7. Good to know! As it happens I've got ten translucent green ghost things that I was just about to seal, and now I don't have to, barring a few non-translucent areas. Yay! Thanks.
  8. I'm holding off on an order because I don't want another Darius the Blue. It's a nice model, but one is plenty. Hoping August will be super-cool.
  9. I've never used that -- I'll have to add a bottle to my next Reaper order.
  10. Sadly, the brush-on sealer made them much less shiny. Which would ordinarily be fine, but slimes are supposed to be shiny. Sigh!
  11. The rule of thumb I've heard is that 75% (or more) of the surface area should be black to read as black. Ditto for white -- 75% or more should be white to read as white. I'm no expert, though -- my whites tend to read as blue, I think. White and black are just hard. Certainly something I could use more practice with.
  12. It looks like you used grey to shade the white and highlight the black -- don't! It's a trap! Try a dark blue black for highlighting black. For shading white, try pale blue (for a cold white) or pale yellow (for a warm white). I like how her staff turned out.
  13. Nowhere near as scrumptiously delicious as Rhonda Bender's take, but tolerably decent. The blending on the skirts could be smoother, especially on the back -- I'm not sure whether I was thinning too much or too little, but it turned out grainy. And her right eye (the one on HER right) just refused to work well no matter how many times I tried it. I think a clump of solidified pigment got stuck in there or something, because the paint just would not lie flat there. Ah well -- I've got two more of this figure because I just liked the elegance of the sculpt so much. Perhaps I'll revisit her in future. The base is from Micro Arts Studio.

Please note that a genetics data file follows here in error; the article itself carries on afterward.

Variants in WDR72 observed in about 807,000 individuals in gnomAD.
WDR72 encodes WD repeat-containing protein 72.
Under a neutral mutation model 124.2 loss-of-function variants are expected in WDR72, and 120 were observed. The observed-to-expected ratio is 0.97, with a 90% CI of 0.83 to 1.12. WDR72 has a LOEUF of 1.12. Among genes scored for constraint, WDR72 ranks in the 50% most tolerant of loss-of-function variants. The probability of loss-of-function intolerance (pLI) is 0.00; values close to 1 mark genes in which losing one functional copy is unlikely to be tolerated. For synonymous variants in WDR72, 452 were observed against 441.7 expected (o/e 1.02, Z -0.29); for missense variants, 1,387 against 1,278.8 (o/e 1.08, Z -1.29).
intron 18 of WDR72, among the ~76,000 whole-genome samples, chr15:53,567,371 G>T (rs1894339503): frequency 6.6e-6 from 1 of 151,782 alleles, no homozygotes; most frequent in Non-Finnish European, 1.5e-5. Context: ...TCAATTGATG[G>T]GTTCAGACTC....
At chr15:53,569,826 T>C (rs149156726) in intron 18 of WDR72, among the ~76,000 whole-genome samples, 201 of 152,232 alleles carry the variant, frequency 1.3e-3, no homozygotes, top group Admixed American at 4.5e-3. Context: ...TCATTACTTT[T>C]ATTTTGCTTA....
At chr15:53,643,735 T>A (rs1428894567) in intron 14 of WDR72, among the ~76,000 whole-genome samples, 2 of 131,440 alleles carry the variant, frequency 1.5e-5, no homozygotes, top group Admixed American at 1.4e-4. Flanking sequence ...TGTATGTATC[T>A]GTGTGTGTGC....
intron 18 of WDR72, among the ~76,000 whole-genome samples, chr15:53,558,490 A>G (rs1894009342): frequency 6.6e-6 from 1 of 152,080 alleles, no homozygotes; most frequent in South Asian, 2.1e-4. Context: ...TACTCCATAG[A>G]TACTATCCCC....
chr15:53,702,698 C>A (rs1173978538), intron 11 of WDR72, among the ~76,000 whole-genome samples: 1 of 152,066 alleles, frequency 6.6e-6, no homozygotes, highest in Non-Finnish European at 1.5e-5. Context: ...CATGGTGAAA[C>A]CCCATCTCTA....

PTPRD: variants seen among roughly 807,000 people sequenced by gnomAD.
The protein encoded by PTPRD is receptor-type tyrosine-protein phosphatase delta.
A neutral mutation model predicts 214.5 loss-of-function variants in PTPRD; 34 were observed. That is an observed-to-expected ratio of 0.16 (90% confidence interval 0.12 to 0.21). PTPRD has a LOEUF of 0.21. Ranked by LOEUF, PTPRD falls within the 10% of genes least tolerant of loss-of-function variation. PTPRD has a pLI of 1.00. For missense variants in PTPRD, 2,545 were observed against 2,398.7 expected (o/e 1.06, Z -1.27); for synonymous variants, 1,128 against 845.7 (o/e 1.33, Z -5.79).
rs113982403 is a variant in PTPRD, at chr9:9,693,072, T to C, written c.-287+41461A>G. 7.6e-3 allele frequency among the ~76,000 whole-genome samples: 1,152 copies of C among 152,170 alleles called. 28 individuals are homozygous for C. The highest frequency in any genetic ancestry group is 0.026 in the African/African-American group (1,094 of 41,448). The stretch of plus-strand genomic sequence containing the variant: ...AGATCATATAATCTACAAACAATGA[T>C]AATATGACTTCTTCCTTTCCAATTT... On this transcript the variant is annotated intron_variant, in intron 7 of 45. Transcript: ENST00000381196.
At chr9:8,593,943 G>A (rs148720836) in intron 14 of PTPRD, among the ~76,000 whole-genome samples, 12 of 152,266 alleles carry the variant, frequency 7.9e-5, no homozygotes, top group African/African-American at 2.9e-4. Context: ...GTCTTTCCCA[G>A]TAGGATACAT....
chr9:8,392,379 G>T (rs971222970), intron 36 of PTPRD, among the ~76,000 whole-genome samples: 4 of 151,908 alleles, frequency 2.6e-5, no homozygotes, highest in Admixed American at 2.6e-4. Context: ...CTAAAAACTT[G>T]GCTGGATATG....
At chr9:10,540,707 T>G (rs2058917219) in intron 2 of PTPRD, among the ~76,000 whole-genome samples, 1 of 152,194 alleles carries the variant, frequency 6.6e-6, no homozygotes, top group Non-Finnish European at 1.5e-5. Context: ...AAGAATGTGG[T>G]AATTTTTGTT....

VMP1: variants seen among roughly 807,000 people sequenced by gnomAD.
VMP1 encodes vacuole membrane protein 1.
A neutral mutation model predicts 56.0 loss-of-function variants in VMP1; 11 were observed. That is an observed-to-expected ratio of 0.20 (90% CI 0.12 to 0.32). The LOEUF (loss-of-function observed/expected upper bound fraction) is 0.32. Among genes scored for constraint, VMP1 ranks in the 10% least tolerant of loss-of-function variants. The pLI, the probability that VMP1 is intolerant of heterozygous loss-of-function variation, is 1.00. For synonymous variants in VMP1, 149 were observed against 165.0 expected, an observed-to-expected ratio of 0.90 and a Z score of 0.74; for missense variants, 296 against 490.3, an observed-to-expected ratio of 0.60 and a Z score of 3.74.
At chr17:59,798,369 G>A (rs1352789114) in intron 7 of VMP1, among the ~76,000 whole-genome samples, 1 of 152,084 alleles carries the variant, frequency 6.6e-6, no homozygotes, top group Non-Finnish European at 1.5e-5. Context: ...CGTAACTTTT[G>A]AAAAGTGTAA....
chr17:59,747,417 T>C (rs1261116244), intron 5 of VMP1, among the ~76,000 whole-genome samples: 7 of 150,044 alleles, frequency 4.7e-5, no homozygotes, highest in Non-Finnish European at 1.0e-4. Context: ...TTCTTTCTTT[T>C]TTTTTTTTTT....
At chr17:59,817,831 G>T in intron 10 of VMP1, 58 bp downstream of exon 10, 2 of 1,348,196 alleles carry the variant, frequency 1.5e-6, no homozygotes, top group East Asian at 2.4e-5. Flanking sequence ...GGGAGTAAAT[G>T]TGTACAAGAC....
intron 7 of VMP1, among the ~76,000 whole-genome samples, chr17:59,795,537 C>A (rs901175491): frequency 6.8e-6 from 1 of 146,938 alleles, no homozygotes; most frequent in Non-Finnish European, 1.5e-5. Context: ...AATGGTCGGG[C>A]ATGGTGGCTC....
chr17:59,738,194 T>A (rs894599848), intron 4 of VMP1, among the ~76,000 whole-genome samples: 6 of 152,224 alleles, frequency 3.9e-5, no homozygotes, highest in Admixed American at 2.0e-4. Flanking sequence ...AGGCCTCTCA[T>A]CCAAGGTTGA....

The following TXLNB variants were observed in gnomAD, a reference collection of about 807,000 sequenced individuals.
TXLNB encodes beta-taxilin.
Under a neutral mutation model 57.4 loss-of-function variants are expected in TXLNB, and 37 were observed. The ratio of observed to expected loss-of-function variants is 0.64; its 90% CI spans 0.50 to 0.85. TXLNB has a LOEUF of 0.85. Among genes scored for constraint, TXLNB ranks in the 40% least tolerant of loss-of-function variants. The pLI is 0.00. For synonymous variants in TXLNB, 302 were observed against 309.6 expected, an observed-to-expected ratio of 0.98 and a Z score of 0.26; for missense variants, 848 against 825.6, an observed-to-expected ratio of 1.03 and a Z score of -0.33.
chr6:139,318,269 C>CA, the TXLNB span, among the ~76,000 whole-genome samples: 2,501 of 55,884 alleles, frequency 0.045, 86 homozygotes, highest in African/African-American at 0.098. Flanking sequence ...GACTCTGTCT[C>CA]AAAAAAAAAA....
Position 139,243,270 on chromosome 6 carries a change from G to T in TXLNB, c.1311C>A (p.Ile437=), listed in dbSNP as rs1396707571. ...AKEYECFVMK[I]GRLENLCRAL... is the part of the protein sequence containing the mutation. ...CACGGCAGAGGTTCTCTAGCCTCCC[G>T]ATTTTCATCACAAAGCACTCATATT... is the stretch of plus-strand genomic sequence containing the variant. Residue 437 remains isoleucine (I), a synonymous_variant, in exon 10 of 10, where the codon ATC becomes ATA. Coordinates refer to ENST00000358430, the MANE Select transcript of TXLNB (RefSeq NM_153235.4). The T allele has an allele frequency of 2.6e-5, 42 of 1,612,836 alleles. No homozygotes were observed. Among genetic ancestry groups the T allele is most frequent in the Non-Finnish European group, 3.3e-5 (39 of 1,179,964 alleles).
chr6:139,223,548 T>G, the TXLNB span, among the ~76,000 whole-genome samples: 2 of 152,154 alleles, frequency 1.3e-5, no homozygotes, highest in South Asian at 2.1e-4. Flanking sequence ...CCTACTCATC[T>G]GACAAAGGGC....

14. Bags and Jars. Another quickie. Maybe an hour for the two of them? Hard to say, the work took place in scattered minutes of attention while other, more complex things were drying/setting/etc.